Is Hydrogen fluoride (HF) an acid or base? - Strong or Weak
Hydrogen fluoride is a colorless gas that has a strong irritating odor when dissolved in water, it forms hydrofluoric acid that appears as a fuming liquid which can cause painful burns. It has the chemical formula of HF. It is corrosive to metal and tissue.
In this article, we will discuss Is Hydrogen fluoride(HF) is an acid or base? Its nature (Strong or weak), etc.
So, Is HF acid or base? HF is a weak acid, with a pKa of 3.17. When hydrogen fluoride is mixed in an aqueous solution, it gives away one proton (H+) and one (F–). The solution containing one hydrogen (H+) and one fluorine anion (F–) is called hydrofluoric acid.
|Name of Molecule||Hydrogen fluoride|
|Molar mass||20.006 g/mol|
Why HF is an acid and not a base?
Do you know? you can easily guess up by looking at the compound whether it is acid or base. Let’s see how.
Most of the acidic compound starts with hydrogen-like H2SO4, HCl, HBr, HNO3, H2CO3, and many more. And most of the basic compounds end with hydroxide groups (OH) like NaOH, KOH, LiOH, etc.
All these acidic compounds, when dissolved in water breaks apart into hydrogen ion and a basic compound breaks apart into OH– ion. Most acid-base theories in chemistry state that acid donates H+ ions and bases donate OH- ions.
In the case of HF, when dissolved in water it furnishes H+ and F– ions in solution. The presence of an H+ ion in an aqueous solution makes the HF nature acidic.
Now check if HF is an acid or base, with the two important acid-base theories we have (a). Arrhenius theory (b). Bronsted-Lowry theory
(a). Arrhenius theory
This theory said that a substance behaves as an acid when it is ready to give off the hydrogen ion on dissolving in an aqueous solution. And a substance behaves as a base when it releases OH– ion on dissolving in an aqueous solution.
Or a substance is said to be acid when it increases the concentration of H+ ion in solution and a substance is said to be base when it increases the concentration of OH– in solution.
Now check HF nature as per Arrhenius’s theory-
As you see in the above reaction, hydrogen fluoride releases proton on dissolving in an aqueous solution, and, therefore increases the hydrogen ion concentration in the final solution.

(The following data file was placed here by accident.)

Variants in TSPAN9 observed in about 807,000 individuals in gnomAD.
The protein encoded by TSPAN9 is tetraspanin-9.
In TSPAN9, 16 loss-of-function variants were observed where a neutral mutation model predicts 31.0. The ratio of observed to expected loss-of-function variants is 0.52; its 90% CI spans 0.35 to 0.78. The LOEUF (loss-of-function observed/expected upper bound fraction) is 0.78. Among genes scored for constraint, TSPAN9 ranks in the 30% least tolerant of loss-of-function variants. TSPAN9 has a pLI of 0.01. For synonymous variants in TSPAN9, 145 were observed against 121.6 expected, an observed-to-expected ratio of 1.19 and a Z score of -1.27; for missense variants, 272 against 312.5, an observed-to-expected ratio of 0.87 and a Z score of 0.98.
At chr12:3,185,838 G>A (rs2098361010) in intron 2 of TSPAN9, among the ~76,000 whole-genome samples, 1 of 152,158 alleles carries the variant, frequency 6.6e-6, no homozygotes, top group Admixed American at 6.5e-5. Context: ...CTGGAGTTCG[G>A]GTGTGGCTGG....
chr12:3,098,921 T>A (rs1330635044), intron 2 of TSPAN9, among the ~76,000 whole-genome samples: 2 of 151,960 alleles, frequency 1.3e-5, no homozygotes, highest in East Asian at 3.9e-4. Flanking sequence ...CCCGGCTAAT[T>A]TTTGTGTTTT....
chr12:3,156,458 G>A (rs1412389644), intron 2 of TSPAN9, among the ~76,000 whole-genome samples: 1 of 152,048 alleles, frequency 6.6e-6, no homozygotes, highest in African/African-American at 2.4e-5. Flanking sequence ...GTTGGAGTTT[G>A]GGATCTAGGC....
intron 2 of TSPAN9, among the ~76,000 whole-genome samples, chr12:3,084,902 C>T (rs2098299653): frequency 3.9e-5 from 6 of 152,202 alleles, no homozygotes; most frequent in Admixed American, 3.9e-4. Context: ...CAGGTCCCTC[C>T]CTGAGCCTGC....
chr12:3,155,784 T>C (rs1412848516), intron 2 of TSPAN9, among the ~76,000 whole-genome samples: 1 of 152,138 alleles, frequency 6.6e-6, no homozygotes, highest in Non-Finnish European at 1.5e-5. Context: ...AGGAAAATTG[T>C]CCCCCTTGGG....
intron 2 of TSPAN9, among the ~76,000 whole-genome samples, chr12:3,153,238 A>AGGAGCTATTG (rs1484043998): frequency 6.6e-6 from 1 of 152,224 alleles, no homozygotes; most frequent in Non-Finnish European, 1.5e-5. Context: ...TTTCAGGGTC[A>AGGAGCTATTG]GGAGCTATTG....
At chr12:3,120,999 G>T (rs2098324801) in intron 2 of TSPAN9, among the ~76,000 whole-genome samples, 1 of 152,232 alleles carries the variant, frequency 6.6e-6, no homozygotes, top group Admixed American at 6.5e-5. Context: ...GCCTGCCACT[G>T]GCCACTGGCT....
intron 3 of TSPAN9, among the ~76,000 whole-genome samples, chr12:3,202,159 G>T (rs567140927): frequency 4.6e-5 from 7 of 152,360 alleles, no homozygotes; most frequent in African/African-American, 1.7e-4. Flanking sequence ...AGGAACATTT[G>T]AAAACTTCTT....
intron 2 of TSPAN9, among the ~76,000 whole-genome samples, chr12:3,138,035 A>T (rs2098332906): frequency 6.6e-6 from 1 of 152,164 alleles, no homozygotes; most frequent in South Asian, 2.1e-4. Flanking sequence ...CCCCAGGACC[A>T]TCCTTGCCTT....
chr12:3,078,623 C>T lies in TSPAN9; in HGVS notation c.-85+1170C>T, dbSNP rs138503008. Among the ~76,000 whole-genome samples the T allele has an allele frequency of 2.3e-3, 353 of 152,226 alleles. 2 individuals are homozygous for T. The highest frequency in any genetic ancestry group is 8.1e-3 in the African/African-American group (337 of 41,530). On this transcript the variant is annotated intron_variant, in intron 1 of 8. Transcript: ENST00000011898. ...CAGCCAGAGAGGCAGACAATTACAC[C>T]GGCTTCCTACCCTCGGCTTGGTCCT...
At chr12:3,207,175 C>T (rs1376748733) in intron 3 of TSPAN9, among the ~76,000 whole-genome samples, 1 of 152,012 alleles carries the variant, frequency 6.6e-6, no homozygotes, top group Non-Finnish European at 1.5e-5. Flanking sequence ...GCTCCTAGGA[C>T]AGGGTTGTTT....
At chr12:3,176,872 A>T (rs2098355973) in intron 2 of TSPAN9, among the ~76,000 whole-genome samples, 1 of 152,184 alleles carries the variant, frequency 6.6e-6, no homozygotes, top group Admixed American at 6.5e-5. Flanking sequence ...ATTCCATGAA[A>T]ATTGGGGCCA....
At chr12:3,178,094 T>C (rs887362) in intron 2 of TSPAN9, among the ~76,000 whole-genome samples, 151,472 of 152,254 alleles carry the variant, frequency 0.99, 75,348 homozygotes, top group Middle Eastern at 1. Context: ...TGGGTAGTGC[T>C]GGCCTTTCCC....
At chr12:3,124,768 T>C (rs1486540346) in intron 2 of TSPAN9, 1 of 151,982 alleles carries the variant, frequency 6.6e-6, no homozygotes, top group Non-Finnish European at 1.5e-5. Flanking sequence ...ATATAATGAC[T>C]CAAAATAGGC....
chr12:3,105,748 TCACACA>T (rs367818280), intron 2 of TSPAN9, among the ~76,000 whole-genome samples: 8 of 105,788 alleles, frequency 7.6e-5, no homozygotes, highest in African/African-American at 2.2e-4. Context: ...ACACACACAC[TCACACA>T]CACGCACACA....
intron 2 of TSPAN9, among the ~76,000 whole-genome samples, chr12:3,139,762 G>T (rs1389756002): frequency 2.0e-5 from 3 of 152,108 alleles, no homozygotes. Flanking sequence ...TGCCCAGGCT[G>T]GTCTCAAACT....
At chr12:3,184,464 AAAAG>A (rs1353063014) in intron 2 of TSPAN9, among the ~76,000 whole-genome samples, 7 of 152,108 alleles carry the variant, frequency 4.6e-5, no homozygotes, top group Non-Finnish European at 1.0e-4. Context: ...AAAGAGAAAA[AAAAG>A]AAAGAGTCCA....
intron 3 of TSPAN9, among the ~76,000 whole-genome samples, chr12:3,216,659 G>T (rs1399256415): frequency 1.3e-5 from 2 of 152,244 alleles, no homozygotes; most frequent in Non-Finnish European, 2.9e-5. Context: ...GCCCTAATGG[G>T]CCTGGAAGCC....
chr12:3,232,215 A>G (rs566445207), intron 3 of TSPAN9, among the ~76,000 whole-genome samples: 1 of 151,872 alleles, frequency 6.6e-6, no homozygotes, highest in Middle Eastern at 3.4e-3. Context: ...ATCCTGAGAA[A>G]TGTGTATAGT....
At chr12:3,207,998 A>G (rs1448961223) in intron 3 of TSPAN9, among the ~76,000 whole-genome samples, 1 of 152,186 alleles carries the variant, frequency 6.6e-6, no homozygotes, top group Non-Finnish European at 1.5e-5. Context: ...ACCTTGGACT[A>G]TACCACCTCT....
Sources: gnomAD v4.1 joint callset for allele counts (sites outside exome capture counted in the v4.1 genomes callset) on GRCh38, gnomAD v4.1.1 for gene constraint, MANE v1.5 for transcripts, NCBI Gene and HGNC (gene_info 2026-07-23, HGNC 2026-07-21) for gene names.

Simply, you can check the number of hydrogen ions before and after in solution to verify Arrhenius acid theory.
In the above reaction, we have only two hydrogens on the left side but after reacting with HF, these hydrogens turn into three. Definitely, there is some increment in hydrogen ions.
So, we can proudly say HF is an Arrhenius acid without any doubt!
(b). Bronsted-Lowry theory
Here comes another acid-base theory that states a substance is said to be acid when it donates the proton to other species and makes a conjugate base by losing one proton from itself.
And for the base, it states that a substance is said to be base when it accepts the donated proton and makes a conjugate acid by adding one proton to itself.
Let’s consider the reaction of HF with H2O.
As you see in the above figure, HF donates one proton to the H2O compound and forms a conjugate base(F–) by losing one proton from itself, and H2O accepts this donated proton and makes a conjugate acid (H3O+) by adding one proton to itself.
So, in the above reaction, HF act as a Bronsted-Lowry acid since it donates the proton, and H2O acts as a Bronsted-Lowry base since it accepts the proton.
Is Hydrofluoric (HF) a strong or weak acid?
The concept of a strong and weak acid is very important to distinguish between the strength of any acid.
A strong acid is referred to as those acids which ionize 100% on dissolving in a solution means all moles of the compound dissociate completely into ions and liberates a large number of H+ in the final solution. Examples of strong acids:- HCl, HNO3, H2SO4, HBr, etc.